President Obama said Monday that the U.S. would announce more economic sanctions targeting Russian individuals and corporations in response to what he described as Russia's failure to uphold agreements aimed at cooling the crisis in Ukraine.
However, Obama also acknowledged that the sanctions might not affect the decisions taken by Russian president Vladimir Putin with regard to Ukraine. Even as he announced the package, Obama acknowledged that "we don't yet know whether it's going to work."
"The goal here is not to go after Mr. Putin personally," Obama added. "The goal is to change his calculus with respect to how the current actions that he's engaging in could have an adverse impact on the Russian economy over the long haul."
Specifics of the sanctions were to be announced later Monday. They're expected to target high-technology exports to the Russian defense industry and companies controlled by those closest to President Vladimir Putin.
Obama announced the sanctions at a news conference in Manilla, where he is making the Philippines his last stop on a four-country tour of Asia. The president has been building a case for this new round of sanctions throughout his trip, both in his public comments and in private conversations with European leaders.
The new sanctions are intended to build on earlier U.S. and European visa bans and asset freezes imposed on Russian officials, including many in Putin's inner circle, after Moscow annexed the Crimean Peninsula from Ukraine last month.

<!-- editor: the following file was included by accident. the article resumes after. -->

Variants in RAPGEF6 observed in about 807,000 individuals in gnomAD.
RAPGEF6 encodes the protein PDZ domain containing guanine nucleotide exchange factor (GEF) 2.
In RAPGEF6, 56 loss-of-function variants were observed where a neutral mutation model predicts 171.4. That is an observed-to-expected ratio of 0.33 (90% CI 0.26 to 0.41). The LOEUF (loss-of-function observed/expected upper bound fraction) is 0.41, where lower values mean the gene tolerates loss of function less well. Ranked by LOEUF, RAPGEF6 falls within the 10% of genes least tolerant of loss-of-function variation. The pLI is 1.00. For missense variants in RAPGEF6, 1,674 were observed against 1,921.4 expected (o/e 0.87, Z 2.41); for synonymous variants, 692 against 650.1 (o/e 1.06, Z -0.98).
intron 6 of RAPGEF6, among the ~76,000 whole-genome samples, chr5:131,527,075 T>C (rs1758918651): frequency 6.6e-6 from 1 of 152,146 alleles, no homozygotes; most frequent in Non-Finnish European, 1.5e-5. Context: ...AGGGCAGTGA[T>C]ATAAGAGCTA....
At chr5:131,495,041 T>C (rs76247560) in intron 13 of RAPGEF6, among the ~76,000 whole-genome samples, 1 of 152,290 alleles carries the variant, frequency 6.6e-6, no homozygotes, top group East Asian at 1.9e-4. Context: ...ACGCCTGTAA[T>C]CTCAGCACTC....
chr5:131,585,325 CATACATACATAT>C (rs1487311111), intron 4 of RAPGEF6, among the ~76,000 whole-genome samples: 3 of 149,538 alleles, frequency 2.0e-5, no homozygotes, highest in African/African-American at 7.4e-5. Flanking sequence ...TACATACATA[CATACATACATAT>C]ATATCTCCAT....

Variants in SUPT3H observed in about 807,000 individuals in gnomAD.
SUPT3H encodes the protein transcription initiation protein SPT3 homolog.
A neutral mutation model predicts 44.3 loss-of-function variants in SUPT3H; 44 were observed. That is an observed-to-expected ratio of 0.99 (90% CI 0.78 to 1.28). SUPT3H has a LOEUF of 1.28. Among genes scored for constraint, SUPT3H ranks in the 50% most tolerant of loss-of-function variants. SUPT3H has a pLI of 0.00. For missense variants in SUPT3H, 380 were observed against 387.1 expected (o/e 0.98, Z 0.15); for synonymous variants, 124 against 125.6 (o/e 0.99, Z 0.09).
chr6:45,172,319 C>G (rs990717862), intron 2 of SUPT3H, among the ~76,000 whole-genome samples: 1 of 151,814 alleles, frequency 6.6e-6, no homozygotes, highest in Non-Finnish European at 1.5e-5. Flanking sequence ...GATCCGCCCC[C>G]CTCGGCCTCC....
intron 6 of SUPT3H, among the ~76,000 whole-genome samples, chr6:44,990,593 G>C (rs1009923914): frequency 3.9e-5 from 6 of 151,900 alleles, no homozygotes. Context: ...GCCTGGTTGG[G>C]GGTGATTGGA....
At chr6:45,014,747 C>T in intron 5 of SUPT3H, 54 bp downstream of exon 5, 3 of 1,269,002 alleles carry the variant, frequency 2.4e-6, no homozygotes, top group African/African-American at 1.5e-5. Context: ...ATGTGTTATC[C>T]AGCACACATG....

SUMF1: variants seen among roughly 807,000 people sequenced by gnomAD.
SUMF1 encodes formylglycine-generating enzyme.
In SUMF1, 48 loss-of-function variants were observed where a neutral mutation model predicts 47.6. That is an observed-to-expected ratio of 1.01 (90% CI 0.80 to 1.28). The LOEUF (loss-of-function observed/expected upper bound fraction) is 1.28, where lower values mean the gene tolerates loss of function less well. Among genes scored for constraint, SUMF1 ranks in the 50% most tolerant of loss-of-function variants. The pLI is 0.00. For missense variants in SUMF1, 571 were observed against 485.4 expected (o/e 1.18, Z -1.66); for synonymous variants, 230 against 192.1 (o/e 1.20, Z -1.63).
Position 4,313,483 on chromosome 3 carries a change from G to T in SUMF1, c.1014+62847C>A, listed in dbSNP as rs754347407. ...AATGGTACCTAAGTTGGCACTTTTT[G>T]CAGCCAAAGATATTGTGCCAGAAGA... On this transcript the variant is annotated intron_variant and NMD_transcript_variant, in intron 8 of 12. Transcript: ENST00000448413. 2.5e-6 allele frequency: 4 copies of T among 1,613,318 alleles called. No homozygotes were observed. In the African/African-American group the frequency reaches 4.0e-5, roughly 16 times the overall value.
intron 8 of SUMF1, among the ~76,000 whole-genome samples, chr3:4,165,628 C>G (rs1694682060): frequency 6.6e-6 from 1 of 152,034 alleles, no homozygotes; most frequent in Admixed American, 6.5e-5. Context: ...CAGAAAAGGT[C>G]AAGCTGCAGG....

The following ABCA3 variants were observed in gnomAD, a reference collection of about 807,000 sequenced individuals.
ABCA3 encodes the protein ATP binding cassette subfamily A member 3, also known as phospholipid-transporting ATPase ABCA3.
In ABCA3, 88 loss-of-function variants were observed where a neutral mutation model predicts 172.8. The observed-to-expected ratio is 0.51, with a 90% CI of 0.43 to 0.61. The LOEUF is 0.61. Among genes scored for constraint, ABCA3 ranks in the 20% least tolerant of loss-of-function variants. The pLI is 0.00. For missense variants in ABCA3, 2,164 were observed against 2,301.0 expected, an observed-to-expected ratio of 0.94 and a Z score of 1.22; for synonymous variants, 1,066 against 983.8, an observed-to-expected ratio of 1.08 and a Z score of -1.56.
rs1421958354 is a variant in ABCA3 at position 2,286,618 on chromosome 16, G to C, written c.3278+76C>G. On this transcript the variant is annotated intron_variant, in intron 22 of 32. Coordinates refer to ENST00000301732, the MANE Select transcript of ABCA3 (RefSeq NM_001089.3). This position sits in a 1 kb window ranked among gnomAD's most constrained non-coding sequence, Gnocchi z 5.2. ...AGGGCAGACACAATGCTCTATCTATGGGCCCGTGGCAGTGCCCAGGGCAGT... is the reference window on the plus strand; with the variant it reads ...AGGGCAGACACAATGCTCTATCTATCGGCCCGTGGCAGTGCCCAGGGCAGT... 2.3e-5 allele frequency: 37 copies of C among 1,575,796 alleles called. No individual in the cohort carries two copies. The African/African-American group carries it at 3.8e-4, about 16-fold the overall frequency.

White House officials say they decided last week to impose the new sanctions after determining that Russia had not lived up to its commitments under a fragile diplomatic accord aimed at easing the crisis in Ukraine. But the U.S. held off on implementing the sanctions in order to coordinate its actions with the European Union, which could also announce new penalties as early as Monday.
The failed diplomatic accord reached in Geneva called on the Kremlin to use its influence to get pro-Russian insurgents to leave the government buildings they have occupied in eastern Ukraine. But those forces have not only balked at leaving those buildings, but have also stepped up their provocations, including capturing European military observers.
European diplomats were set to meet in Brussels Monday to discuss slapping asset freezes and travel bans on more officials associated with Russia's actions on Ukraine. The EU has so far sanctioned 33 individuals over the Crimea annexation.
It was not known before Monday's meeting how many Russian officials would be added to the EU sanctions list and how close they are to Putin.
Neither the U.S. nor Europe plans to announce broader sanctions on Russia's key industries this week, though Obama said they were keeping those measures "in reserve" in case the situation worsens and Russia launches a full military incursion into eastern Ukraine. Among the targets of those so-called sector sanctions could be Russia's banking, defense and energy industries.
Much of Obama's outreach to European leaders in recent weeks has focused on building support for the sector sanctions. The EU is Russia's biggest trading partner, giving it much greater economic leverage over Moscow than the U.S. has. However, the EU treads more carefully in imposing sanctions since Russia is also one of its biggest oil and gas suppliers.
The Associated Press contributed to this report.
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